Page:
Thursday, October 31, 2013
Every day I hear something on the radio that makes me feel excited to get home and start writing a story or a novel or whatever, and then I come home and start visiting my internet haunts and before you know it the kids are home from school and I've pissed away the entire afternoon. Whoopsie, that's what happens when you have no self-control.
Sunday, October 27, 2013
Ha! We watched Jaws on Saturday night, and Grant thought it was scary, just like I told him he would. Emmett said it was not scary, just gross, but I bet he was being macho. They didn't have nightmares or anything, so I'm still a good parent. I guess we won't really know how scarred they are until we see how they feel about swimming in the ocean when we go to Port Townsend next summer. They are finally members of the enormous, undiscerning club of people who have seen "Jaws," and we are their sponsors. I'm glad that it seems to have been a memorable experience. They both drew Jaws-related pictures in sacrament meeting today, which was probably irreverent, but they learned irreverent church doodling at my knee--recently I drew a picture of Beethoven scolding the dogs playing poker, so there you are. Not sure what the talk was about that day, but I'm sure it was meaningful. Here is Grant's picture:
Our new neighbors are finally here! If they turn out to be horrible I may change my tune, but for now it is just really nice to see lighted windows in the house. Empty houses make me sad, because statistically they're so much more likely to be used as a portal to a Hell dimension, and also because mice will ruin an empty house. Raccoons too, probably. Gotta keep an eye on those empty houses is what I'm saying.
Have any of you ever had a pet raccoon, or known someone who did? One of my dad's customers had a pet raccoon, and I think they finally had to turn it loose because it was so destructive. They are little whirling dervishes of mayhem. At my sister-in-law's ranch house we found a smelly puddle that was dripping from the ceiling and it turned out to be pee from a raccoon that had secreted himself between the walls. Tasty! Even with those behavioral problems they are pretty cute though.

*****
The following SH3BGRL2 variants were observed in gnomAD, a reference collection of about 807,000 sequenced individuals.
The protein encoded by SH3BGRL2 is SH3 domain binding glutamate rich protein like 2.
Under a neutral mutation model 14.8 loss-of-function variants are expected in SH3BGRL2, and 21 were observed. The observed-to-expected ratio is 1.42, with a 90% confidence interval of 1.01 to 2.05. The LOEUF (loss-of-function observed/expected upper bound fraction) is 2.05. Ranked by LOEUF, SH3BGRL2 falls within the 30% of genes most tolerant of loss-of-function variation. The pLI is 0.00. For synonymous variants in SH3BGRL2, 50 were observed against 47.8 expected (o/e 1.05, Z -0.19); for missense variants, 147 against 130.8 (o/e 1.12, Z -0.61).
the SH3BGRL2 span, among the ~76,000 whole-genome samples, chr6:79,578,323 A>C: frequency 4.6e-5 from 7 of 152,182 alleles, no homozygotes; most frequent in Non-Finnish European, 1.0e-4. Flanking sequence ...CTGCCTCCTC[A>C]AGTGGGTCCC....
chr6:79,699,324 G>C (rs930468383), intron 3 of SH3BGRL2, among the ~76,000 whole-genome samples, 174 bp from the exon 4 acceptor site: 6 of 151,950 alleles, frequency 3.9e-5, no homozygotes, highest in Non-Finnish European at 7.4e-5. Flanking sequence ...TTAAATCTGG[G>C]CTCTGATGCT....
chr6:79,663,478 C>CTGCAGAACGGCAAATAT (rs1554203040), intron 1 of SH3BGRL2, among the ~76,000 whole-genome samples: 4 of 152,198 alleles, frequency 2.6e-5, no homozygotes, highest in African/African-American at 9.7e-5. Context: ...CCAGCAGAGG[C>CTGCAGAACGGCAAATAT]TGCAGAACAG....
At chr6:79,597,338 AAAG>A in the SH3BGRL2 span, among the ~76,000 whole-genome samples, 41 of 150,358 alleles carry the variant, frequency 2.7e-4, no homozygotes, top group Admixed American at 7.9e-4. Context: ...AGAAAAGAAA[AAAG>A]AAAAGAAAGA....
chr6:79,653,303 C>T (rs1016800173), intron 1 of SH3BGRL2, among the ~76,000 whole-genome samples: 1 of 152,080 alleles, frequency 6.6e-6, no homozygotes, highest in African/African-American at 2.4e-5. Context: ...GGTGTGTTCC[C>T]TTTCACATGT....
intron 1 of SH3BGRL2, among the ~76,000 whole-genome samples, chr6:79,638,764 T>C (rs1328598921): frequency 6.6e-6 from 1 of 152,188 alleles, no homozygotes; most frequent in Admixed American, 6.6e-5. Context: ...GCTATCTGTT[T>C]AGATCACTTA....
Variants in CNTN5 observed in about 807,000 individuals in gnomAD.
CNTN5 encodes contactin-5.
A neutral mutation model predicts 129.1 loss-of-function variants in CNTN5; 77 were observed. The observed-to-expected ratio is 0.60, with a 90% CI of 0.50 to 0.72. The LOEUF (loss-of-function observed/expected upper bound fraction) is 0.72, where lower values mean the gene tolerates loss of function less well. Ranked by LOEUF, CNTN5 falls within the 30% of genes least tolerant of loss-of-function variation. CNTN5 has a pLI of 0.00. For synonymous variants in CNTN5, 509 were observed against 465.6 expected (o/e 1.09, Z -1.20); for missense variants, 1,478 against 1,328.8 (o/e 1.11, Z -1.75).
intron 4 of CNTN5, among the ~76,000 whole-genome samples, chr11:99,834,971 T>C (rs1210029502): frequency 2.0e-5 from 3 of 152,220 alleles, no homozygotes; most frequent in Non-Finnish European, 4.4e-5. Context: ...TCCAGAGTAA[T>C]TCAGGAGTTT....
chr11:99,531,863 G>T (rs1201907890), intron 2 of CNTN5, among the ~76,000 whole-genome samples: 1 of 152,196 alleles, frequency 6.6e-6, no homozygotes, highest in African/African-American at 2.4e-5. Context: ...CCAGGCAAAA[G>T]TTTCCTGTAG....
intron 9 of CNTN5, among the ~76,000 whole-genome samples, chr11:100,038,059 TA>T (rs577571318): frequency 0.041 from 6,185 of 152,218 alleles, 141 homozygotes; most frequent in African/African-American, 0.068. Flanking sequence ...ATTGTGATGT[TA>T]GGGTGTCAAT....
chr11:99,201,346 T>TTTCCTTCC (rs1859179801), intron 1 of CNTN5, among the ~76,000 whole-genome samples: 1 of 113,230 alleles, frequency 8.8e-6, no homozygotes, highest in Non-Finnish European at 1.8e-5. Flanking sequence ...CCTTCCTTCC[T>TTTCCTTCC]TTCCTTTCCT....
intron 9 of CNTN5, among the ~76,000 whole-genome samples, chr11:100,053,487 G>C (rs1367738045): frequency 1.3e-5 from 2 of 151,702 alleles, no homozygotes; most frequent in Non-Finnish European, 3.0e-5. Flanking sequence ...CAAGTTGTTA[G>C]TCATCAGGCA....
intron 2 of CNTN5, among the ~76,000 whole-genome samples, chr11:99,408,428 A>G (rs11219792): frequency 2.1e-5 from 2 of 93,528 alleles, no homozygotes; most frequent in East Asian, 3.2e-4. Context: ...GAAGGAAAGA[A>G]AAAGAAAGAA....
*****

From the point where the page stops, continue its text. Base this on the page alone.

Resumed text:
We pressed 34 gallons of apple cider on Saturday with some of our friends and neighbors. It was hard work and I got sunburned and I halved so many apples and hauled so much wash water I can't even tell you. But now we have nine gallons (our share) of sweet, spicy, gorgeous apple cider in our fridge, waiting for us to figure out how to fit it into our freezer. There's the issue of the side of beef hogging all the shelf space right now.
Another week. Are we ready? One thing I know for sure is I am going to eat a crap-ton of candy, and I'm definitely ready for that.
Friday, October 25, 2013
What are your feelings on tarts? I don't care for them. Last night I was reading my Cook's Illustrated, which I really should cancel, since I have become such a slapdash cook that I rarely remember to make a new interesting recipe, and there was a recipe for a chocolate tart in there, and I had the same reaction I always have to tarts: Bored Now. Why is that? Let us dissect my aversion.
1. The crust. I am prejudiced against cookie crusts. There are some tarts/pies in which a cookie crust is imperative, but they are by far the exception. When I think about a tart crust, here are the adjectives that come to my mind: Gritty. Sandy. Dry. Too Sugary. Too thick. Gummy in the center. These are not descriptors that invite intimacy.